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Category: Crime, Crime Prevention

Comments (16)

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  1. Anonymous says:

    Yes gun control is really working out.

  2. Anonymous says:

    As previously mentioned, crappy parenting is the main cause. People creating children which they cannot or will not care for. A child cannot be treated like a puppy/kitten and care stopped once they past the young cute stage.
    So once again FREE CONDOMS. Along with eduction on the real reasons to use them. If only a few are prevented every year the cost will be well worth it.

  3. Anonymous says:

    The problem is the war on drugs. It is not working and is fueling the black market where all the guns are. If you want to drop gun crime significantly we all know what must be done. It’s just up to the hypocrites in power to do something about it.

  4. Susan says:

    When your hear that our population growth should be 100,000 without any real strategic plan in place we are doomed to fail. It would be safe to assume to grow the population to this figure, the majority will come from work permits, PR and status grants. Looking at housing, employment and the high cost of living, Caymanians that are less fortunate to further their education will have no choice but to turn to a life of crime just to survive. This is a true story.

    • Anonymous says:

      Or take the job offered at the rate they pay instead of thinking you deserve to be the manager because I Caymanian. Being poor doesn’t mean you turn to crime. Being raised by crappy parents so you never know right from wrong or being held accountable for your actions leads to a life of crime. Free condoms and sex ed for all.

  5. Anonymous says:

    And then ban knives when stabbings increase?
    The fact of young men being killed by gangs isn’t a problem with the guns alone. Dismantle the gangs and you’ll confiscate the guns as a part of the process.
    But as we know, the gangs here too are friends of friends or family members of family members of politicians in the government. Pointless movement!
    RCIPS targeting the lower level guys and leaving the higher ups to continue.

  6. Anonymous says:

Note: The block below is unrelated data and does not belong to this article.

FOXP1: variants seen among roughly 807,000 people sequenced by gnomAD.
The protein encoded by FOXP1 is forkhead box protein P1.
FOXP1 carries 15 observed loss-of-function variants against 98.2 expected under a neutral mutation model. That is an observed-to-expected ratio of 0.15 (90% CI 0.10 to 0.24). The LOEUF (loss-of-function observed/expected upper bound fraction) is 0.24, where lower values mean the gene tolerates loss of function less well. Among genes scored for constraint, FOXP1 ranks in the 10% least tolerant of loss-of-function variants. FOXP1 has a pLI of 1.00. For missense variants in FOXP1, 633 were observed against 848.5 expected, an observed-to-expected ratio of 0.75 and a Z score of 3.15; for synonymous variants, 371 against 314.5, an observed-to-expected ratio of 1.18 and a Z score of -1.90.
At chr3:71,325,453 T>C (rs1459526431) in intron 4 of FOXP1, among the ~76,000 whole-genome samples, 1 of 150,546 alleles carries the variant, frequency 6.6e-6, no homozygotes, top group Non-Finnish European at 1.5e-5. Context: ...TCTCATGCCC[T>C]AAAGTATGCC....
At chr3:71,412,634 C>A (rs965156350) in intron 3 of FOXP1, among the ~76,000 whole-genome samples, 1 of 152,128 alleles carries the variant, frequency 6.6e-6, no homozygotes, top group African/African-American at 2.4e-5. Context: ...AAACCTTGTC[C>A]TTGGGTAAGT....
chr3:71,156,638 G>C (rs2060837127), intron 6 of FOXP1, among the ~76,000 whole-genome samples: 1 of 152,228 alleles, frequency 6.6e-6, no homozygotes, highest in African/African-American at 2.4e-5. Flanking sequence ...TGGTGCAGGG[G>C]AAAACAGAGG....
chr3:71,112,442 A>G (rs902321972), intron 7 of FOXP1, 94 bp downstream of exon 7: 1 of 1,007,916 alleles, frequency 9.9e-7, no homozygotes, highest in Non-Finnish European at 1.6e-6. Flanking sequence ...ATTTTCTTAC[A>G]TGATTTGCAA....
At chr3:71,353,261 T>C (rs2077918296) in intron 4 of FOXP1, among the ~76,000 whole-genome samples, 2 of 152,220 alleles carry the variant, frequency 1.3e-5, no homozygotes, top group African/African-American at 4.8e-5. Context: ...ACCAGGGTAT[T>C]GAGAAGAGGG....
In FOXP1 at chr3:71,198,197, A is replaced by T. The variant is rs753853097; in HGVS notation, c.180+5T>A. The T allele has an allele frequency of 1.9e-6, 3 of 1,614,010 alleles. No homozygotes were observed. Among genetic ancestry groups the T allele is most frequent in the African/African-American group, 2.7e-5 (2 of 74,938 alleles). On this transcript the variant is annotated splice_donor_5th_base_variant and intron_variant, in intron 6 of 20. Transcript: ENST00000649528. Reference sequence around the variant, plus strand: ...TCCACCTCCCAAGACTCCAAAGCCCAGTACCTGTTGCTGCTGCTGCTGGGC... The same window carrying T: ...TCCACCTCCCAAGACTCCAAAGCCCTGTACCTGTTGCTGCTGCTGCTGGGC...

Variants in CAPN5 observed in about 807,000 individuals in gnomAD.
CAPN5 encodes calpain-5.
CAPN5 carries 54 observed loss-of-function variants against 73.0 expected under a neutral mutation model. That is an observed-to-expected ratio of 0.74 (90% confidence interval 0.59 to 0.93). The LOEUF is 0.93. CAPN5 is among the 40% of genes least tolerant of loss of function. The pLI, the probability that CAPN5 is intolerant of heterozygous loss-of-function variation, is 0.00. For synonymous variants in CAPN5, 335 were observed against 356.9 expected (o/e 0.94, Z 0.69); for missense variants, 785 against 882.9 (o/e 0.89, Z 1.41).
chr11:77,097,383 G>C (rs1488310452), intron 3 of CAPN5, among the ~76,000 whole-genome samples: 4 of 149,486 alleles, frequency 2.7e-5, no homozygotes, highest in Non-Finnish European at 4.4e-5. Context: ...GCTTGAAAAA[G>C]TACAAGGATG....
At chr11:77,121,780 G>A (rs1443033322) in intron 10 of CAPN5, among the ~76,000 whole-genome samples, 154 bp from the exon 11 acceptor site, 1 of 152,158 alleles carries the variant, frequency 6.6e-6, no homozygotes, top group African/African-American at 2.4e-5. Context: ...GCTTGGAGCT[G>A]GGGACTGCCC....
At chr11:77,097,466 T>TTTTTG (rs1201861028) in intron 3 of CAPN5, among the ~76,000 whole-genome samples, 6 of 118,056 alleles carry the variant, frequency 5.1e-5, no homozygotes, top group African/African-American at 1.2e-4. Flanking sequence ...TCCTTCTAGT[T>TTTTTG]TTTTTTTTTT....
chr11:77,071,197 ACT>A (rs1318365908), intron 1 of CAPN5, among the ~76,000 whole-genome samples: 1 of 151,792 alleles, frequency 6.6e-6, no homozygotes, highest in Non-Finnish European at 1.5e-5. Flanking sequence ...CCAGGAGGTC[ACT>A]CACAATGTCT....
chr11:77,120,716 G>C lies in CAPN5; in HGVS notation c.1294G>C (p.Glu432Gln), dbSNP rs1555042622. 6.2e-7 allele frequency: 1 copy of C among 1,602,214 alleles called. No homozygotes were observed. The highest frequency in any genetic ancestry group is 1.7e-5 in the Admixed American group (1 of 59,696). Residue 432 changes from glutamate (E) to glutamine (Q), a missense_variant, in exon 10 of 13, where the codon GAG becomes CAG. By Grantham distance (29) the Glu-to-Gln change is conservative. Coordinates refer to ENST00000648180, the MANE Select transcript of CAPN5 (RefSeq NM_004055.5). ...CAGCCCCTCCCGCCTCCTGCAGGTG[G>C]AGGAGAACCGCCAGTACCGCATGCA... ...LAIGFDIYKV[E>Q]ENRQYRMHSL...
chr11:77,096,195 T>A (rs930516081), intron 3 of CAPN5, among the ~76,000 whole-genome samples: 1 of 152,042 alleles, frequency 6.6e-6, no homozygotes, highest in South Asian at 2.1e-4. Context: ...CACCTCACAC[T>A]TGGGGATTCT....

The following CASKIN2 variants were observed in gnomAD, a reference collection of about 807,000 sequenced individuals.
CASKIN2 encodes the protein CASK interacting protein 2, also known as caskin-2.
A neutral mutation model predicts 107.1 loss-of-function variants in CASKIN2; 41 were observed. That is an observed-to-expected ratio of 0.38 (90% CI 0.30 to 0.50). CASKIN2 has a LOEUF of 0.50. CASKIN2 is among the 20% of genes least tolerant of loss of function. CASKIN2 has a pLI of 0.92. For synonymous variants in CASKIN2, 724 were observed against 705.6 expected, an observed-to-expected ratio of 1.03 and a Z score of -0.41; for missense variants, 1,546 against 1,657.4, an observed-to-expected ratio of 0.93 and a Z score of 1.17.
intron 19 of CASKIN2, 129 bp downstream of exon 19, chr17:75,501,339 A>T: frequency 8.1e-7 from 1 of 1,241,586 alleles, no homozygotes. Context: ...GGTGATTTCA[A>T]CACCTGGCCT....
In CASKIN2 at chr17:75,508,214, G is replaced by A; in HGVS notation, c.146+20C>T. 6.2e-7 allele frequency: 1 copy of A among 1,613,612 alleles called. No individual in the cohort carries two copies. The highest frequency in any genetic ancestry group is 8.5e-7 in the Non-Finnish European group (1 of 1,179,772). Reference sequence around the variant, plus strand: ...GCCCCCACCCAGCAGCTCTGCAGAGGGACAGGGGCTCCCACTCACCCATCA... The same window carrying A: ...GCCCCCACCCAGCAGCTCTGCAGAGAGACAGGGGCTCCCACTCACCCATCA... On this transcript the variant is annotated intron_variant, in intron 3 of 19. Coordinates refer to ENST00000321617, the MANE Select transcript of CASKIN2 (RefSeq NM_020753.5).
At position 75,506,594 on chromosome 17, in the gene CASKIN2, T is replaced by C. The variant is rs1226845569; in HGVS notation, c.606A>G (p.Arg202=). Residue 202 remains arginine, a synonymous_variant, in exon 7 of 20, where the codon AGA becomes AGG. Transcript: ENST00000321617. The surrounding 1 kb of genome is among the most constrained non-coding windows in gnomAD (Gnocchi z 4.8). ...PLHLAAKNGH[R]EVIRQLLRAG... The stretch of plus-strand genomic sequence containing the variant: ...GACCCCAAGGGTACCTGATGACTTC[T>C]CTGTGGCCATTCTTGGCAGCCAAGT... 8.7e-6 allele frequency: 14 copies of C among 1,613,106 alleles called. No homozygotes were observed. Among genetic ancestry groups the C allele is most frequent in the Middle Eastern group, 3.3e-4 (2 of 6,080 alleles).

The problem lies within a society that puts money beyond the welfare of its own people. There are far too many money grabbing Caymanians who have got stupidly rich by exploiting disaster and the poor without making a genuine attempt to put back into this broken society.
    Training is only any good if you have an education system that is well funded and respected by all. Poor parenting is as much to blame as You Tube, ghetto music and a culture of playing the victim against some ridiculous conspiracy thought up by foreigners.
    The problems here are exactly the same as the ghettos of the US, Jamaica and the UK who spread their poisonous gang cultures amongst the uneducated and self medicating.
    Gun amnesties are pointless because these morons won’t give up their only means of gaining respect. It’s becoming cultural and Cayman is in danger of losing its youth to the warped ideologies of greed and self entitlement and an invented culture reinforced by violence, music and social media.

    • Anonymous says:

      I’ve been listening to “ghetto music” since I was 10, now in my 40’s and I’ve managed not to shoot anyone or even own a gun for that matter. I’ve also never committed a robbery, sold drugs or pimped out any females… I don’t think it’s the music. Crappy parents are to blame!

      • Anonymous says:

        Crappy parents are to blame, and letting kids under 15 listen to gangster rap.

      • Anonymous says:

        True, but its easier for crappy parents to blame someone else!! So gangster rap and Hollywood take the blame.

  7. Crime watcher says:

    Blame television!

  8. Anonymous says:

    Until Dr. Frank reveals who shot him, I take everything he says with a grain of salt when it comes to him discussing the problem we have with guns.

    • West Bay Premier says:

      And the Dr. says that because he didn’t get elected , he gave up the dream of helping the kids and their problems.
      I would say that the problem is big and the approach to fix it is not going to be simple .

      I think that the situation is all caused by the government, and all the laws and things that they are doing that encourages these kids into their behaviors.
      If we just compared the past to the future, we will see that after government started handing out money and taking away rights from parents by law , and allowing opportunities and no enforcement to pass by these kids is the results of the products of today’s problems , which was not in the past .

      I will have to say that the problem of kids and guns and drugs and crime , is urgently needed to be addressed and is not going to be easy and cheap to fix , and it needs to be fixed today, because we’re looking at a whole generation of kids .

      This kind of leadership is not moving the Islands and the people forward , when you have 15 good and educated kids , and 50 bad and uneducated kids for the next generation.

    • Anonymous says:

      Comment of the day!!!

    • Not Going Home says:

      Until he tells us where his sandwich board and parrot went to, nothing he says should ever be taken seriously.